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ButterflyMelissa 08-21-2010 06:38 AM

Life cycles - how long is yours?

I am about to change distro. Dont get me wrong, Fedora is the best... :hattip: but it changes too fast. This year saw the FC12, and the FC13 mid-summer, the FC14 is due for Yule. Too fast for me :banghead:. If I have to re-install, re-configure and re-figure-out every six months, I waste too much time. I do have projects to get done too, ya know...:p

So, in short:

What is your distro and how long have you had this particular install so far?



bucovaina78 08-21-2010 09:38 AM

Now I'm working with:

Ubuntu 10.04, have it for a week or so.
Debian Squeeze a month (supermicro server)
Debian Squeeze 3 months (storage server for video / music)
Ubuntu 9.xx (don't remember) on a multimedia computer

I'm changing too often ... . I allways install with a separate /home so I don't loose too much information. One advantage of reinstalling is that I know how to install all my software by hard :).

soppy 08-21-2010 09:38 AM

I use Slackware. The Distro itself is not updated until Pat deems it ready. But when it is, it's one of the most stable systems you can get. The only problem maybe for you that Slackware doesn't have dependency installing automatically. Personally I like this way better. But Slackware doesn't have a specific schedule to be released so it may be a while.

FredGSanford 08-21-2010 11:07 AM

Mandriva One, Free, PowerPack editions:

Desktop updates are provided for 12 months (desktop environments, browsers, major apps).
Base system & components updates are provided for 18 months (Linux kernel, Apache, etc.).
At certain times, Mandriva may choose to extend updates support for certain versions of Mandriva Linux.
Some products may benefit from an extended maintenance offering, for 18 more months.

papul1993 08-21-2010 11:40 AM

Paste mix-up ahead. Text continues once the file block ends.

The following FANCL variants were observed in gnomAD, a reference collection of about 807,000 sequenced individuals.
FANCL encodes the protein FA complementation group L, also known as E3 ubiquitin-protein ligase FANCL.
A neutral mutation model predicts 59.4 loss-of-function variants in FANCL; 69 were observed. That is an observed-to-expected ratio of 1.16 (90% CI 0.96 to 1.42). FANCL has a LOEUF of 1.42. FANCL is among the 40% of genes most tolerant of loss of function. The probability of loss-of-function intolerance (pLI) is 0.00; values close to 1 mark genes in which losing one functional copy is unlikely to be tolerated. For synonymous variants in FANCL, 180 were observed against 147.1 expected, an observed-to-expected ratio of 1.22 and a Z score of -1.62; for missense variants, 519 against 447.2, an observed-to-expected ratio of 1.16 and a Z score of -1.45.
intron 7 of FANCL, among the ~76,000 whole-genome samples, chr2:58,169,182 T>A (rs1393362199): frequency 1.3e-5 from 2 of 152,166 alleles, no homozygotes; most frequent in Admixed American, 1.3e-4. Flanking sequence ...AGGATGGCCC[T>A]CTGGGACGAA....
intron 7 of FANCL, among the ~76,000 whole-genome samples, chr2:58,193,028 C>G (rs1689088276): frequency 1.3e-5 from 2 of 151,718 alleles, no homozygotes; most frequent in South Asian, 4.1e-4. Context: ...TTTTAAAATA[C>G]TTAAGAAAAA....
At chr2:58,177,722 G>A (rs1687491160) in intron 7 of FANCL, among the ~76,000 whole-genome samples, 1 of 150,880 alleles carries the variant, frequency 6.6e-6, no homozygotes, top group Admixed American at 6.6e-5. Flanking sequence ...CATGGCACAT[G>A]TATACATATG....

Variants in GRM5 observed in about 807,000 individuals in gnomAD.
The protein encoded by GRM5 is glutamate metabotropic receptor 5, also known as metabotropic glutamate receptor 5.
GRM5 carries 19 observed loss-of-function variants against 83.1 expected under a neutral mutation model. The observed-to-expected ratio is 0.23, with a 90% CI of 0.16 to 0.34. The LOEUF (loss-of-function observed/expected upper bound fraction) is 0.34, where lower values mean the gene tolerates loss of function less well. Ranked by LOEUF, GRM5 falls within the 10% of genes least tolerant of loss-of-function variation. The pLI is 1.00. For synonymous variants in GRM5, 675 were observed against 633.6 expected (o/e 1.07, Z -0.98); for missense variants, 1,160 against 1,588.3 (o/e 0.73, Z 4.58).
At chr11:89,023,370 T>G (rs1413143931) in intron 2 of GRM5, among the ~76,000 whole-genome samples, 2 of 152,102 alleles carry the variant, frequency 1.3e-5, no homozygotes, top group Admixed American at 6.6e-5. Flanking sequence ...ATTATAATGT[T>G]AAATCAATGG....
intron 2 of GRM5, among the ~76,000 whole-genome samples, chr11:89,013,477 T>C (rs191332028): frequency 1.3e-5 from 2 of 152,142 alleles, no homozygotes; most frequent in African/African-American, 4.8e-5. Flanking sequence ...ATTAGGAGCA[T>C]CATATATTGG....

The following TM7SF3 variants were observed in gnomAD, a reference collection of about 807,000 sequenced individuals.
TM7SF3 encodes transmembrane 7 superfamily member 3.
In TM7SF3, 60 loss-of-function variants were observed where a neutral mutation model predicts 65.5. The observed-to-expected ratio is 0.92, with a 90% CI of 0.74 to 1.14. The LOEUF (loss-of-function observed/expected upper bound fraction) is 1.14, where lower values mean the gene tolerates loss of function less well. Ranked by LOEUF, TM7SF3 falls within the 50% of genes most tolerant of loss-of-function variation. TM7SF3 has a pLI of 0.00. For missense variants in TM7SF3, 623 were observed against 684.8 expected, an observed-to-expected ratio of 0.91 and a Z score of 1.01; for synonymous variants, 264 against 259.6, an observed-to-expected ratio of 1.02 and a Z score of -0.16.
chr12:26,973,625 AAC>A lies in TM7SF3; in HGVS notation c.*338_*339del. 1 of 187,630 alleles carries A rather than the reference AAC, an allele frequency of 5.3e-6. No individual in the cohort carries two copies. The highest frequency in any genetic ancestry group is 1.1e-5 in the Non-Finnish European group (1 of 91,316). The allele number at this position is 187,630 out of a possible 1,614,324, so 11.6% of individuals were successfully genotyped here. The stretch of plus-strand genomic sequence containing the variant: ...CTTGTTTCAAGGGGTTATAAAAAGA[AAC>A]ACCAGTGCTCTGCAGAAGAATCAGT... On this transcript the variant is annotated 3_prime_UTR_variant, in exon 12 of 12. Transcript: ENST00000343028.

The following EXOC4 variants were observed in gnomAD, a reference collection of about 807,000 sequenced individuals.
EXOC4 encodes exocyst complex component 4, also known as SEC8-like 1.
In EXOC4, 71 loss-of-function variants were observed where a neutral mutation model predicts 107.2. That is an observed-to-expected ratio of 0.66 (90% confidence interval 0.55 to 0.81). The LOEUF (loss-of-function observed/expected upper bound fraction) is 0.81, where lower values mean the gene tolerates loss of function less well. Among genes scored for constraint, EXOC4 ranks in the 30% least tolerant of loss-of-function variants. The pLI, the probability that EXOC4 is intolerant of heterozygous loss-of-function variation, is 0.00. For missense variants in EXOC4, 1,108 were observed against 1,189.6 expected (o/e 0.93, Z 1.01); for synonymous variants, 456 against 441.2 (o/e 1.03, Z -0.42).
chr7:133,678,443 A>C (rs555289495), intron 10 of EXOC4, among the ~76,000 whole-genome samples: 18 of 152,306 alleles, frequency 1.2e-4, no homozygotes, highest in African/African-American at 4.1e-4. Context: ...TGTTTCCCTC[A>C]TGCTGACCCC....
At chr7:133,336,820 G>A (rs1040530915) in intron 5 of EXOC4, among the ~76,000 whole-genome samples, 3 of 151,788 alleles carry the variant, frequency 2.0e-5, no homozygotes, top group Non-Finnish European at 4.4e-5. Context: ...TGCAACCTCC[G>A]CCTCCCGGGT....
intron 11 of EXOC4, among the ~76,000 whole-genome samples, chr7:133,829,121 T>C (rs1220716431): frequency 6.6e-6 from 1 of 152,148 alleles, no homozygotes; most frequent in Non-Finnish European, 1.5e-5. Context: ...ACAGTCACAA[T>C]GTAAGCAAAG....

Get a rolling Distro. Its version never changes. I use Arch linux. its great

DavidMcCann 08-21-2010 12:43 PM

As you see, I use Fedora, but I've never felt the need to adopt every new version. I always wait to see what sort of reaction a new edition gets, and I check whether it has anything in it that I need. Actually, I'm expecting to move to CentOS 6 when it comes out.

Have a look at OpenSuse. It has a longer life cycle, but is not too dissimilar in feel to Fedora.

ButterflyMelissa 08-21-2010 01:11 PM


Thanks all of you. There is a mix here, short, long. I Use FC10, and am glad to see I'm not alone...

The question folds around security updates. If I'm pretty safe on the Net, is a new install really needed?

I'll download Arch and see what that does. I just tried Debian's netinstall but there seems to be a problem contacting I don't know what that is all about.

It's long(er) time use I'm looking for - I do NOT want to go back to

Thanks for the light in the dark!


ButterflyMelissa 08-21-2010 01:12 PM

And OpenSuse - there's annother name popping up all over the place - why not?

Eh, I'll try em both...


ButterflyMelissa 08-21-2010 01:19 PM

man...I ran out of blanks...

ButterflyMelissa 08-22-2010 03:29 AM

Just had a deep look into Debian - looks like the winner, if I get that *** sound going in applets...

MrCode 08-22-2010 05:27 AM

Arch rolling release FTW! :D

I also have Ubuntu 9.04, but it sees little use anymore...

huwnet 08-22-2010 08:22 AM

Arch Linux -- I've had this install for over two years! :)

ButterflyMelissa 08-22-2010 12:00 PM

Is'nt it somewhat "iffy" that I cannot get on to the Debian website from my Debian install? I can reach every site, except

And some mirrors are unreachable as well...

This is weird.


jiml8 08-22-2010 12:03 PM

I'm running Mandriva 2010.1. I originally installed Mandrake 7.2 back around 2002 and I have never reinstalled, just updated.

Now, some of the updates were thrilling, particularly in the early days. But the last several have gone off without a hitch.

the trooper 08-22-2010 01:15 PM


Is'nt it somewhat "iffy" that I cannot get on to the Debian website from my Debian install? I can reach every site, except
No problems accessing the Debian site from a Debian machine here.

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